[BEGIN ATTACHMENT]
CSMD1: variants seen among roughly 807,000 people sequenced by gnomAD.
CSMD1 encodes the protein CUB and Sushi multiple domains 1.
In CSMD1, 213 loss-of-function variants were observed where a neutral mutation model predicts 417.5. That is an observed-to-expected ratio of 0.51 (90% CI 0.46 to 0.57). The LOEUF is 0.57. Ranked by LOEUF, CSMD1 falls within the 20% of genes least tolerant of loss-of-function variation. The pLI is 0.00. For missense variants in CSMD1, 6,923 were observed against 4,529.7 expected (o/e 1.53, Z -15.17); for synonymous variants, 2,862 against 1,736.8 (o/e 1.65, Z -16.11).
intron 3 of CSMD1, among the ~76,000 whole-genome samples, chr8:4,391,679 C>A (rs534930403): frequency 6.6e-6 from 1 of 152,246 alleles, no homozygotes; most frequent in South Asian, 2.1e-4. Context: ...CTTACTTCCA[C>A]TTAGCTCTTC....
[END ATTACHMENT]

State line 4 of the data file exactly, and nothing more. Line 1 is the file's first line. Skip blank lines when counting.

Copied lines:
intron 3 of CSMD1, among the ~76,000 whole-genome samples, chr8:4,391,679 C>A (rs534930403): frequency 6.6e-6 from 1 of 152,246 alleles, no homozygotes; most frequent in South Asian, 2.1e-4. Context: ...CTTACTTCCA[C>A]TTAGCTCTTC....